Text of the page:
Stonehenge is perhaps the most iconic and mysterious of Britain’s many wonders. A large earthen levee surrounding two rings of massive stones located on a vast plain in Wiltshire County, Stonehenge is generally considered a sacred site, but experts differ in their opinions of the site’s original purpose. Although commonly linked to the Druids, Stonehenge was completed long before the first known Druid population arrived in the area. Perhaps it was a burial site for ancient kings or a centre of prehistoric astronomy. Whatever its origin, the mystical Stonehenge draws visitors of all ages and backgrounds
History of Stonehenge
Modern methods date Stonehenge’s earthen levee to approximately 3000 BC, although there is evidence that clearing and preparation of the site might have begun earlier. The inner circle was completed around 2200 BC and the outer circle finished sometime between 1500 and 1200 BC. The stones are arranged on mystical lines known as ley lines, which are said to harness magical energy and are aligned toward the summer solstice. UFO sightings and paranormal activity have been reported around Stonehenge throughout modern history. Until 1978, visitors were permitted to freely wander through the stone circles, leading to vandalism and theft. The popularity of Stonehenge led to a proliferation of highways, parking lots and street vendors. Today, the British government is committed to preserving the site and has undertaken extensive projects to protect the monument and limit the carnival atmosphere.
Numerous tour companies offer day trips to Stonehenge from London. These tours generally combine a visit to Stonehenge with a tour of nearby Bath and other local attractions. Daytime tours are an excellent choice for those with limited time. Private, customized tours are available at a higher rate. Ask for tour recommendations at your hotel or at any visitor center in London.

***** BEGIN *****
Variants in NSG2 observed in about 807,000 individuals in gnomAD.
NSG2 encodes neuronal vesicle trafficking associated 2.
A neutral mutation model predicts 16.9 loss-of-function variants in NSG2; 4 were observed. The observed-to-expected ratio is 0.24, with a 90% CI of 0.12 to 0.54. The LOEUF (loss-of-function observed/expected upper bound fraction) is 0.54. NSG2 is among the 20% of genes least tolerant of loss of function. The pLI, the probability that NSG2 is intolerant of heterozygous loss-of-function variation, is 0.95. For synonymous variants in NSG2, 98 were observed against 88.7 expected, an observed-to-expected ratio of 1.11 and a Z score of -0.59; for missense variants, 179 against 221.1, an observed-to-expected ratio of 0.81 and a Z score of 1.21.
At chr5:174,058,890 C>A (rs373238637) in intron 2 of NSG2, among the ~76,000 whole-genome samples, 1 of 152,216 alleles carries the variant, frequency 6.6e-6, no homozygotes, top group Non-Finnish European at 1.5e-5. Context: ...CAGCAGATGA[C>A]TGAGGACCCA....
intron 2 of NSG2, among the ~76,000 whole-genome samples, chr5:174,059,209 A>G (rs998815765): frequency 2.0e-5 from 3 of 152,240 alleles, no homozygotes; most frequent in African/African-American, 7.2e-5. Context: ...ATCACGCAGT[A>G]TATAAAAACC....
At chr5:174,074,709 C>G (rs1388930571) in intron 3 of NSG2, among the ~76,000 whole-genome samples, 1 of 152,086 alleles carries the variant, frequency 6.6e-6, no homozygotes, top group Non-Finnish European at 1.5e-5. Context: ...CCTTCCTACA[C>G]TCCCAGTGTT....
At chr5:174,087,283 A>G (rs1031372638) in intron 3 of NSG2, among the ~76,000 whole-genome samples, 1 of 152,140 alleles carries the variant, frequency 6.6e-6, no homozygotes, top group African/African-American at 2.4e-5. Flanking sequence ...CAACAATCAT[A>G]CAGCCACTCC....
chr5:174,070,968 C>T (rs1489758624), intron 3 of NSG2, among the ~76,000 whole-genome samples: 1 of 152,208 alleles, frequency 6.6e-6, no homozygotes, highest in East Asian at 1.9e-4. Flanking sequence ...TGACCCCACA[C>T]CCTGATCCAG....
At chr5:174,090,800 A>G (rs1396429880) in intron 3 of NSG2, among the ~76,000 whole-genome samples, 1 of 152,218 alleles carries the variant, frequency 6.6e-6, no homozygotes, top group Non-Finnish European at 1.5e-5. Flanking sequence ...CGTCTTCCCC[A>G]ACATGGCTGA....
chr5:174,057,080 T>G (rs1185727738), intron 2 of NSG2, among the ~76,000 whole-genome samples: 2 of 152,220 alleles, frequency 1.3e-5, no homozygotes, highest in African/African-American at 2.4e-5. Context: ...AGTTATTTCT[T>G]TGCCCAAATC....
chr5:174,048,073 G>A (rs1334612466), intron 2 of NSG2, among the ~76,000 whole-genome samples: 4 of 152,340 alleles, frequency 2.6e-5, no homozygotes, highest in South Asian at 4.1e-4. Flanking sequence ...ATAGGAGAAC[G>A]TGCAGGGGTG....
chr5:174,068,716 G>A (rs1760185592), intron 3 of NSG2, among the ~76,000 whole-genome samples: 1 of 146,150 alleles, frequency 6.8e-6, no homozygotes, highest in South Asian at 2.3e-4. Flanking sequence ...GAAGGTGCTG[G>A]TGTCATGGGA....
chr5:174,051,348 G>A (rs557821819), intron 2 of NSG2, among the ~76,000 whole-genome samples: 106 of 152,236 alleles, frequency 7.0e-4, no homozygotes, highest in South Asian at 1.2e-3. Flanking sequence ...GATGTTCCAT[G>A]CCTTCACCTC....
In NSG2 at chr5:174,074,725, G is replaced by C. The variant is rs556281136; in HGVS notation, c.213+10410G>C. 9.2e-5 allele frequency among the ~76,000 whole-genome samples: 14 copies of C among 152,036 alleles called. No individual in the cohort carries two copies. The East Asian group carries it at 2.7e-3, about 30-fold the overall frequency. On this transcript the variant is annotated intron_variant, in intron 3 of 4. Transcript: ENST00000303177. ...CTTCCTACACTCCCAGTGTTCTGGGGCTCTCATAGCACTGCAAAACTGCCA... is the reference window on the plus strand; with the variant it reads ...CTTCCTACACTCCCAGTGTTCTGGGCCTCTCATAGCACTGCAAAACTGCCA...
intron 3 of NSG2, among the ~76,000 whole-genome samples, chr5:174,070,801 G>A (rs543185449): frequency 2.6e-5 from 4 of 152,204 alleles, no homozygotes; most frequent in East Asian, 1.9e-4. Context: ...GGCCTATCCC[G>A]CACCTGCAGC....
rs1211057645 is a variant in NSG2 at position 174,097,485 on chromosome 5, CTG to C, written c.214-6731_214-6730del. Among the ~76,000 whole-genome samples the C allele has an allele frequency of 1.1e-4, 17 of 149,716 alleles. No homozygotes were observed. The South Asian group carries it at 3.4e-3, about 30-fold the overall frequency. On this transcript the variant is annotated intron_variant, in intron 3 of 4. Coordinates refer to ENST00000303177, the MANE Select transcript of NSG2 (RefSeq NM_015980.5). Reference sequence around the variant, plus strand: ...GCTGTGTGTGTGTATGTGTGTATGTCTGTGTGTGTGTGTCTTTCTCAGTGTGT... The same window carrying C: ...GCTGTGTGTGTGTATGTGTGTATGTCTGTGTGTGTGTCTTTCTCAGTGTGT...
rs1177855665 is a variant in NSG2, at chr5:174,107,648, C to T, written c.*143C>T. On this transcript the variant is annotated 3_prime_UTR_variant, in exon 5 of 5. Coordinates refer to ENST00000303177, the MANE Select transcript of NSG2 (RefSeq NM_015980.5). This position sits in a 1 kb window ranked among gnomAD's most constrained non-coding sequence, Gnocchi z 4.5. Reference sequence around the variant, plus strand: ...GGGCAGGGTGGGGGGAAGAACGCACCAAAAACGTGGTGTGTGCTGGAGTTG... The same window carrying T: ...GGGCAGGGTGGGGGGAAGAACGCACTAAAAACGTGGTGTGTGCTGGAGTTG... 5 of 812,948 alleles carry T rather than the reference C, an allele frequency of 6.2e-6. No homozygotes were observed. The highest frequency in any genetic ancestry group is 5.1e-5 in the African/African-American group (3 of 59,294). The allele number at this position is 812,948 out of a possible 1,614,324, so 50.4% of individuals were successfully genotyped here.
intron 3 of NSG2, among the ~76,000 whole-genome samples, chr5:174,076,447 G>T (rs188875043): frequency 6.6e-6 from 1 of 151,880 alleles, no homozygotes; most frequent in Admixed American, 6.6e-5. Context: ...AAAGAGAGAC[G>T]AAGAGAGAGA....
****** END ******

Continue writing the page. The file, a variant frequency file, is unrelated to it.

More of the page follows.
Inside the Circle Tours
Some tour companies, including The Stonehenge Tour Company and Salisbury Guided Tours, have negotiated access to Stonehenge’s inner circle. These tours are pricier than traditional tours and availability is quite limited. Contact the company of your choice as soon as possible to book your tour. Some Inside the Circle tours take place at sunset or sunrise, offering a different view of the monument than that available during the day.
If you will be in the area during June, plan to take a solstice tour of Stonehenge. Most Stonehenge tour companies offer a special overnight solstice tour. Visiting on the solstice allows you to view the monument as the ancients intended, with the sun positioned directly over the Heel stone, Slaughter stone and Altar stone. Not all solstice tours provide access inside the circles, so make sure you understand exactly what you are getting.
Touring on Your Own
If you prefer to travel independently, you may visit Stonehenge on your own. English Heritage manages the site and admission is free to members of the National Trust. All others pay a nominal charge. Note that you will not be allowed to enter the circles, but a visitors’ walkway around the site allows you to view it from all angles. Audio guides in 10 languages are included in your admission fee. The walkway is wheelchair accessible.
Nice to see our tours recommended on USA Today: http://traveltips.usatoday.com/stonehenge-tours-11402.html
The Stonehenge Tour Company
The Original and still the bet Stonehenge Tours – http://www.StonehengeTours.com
July 19, 2012
Single and Multi-day Trips Exploring London’s Neighboring Cities and Nearby Countries Expand the Olympic Experience Beyond the Games.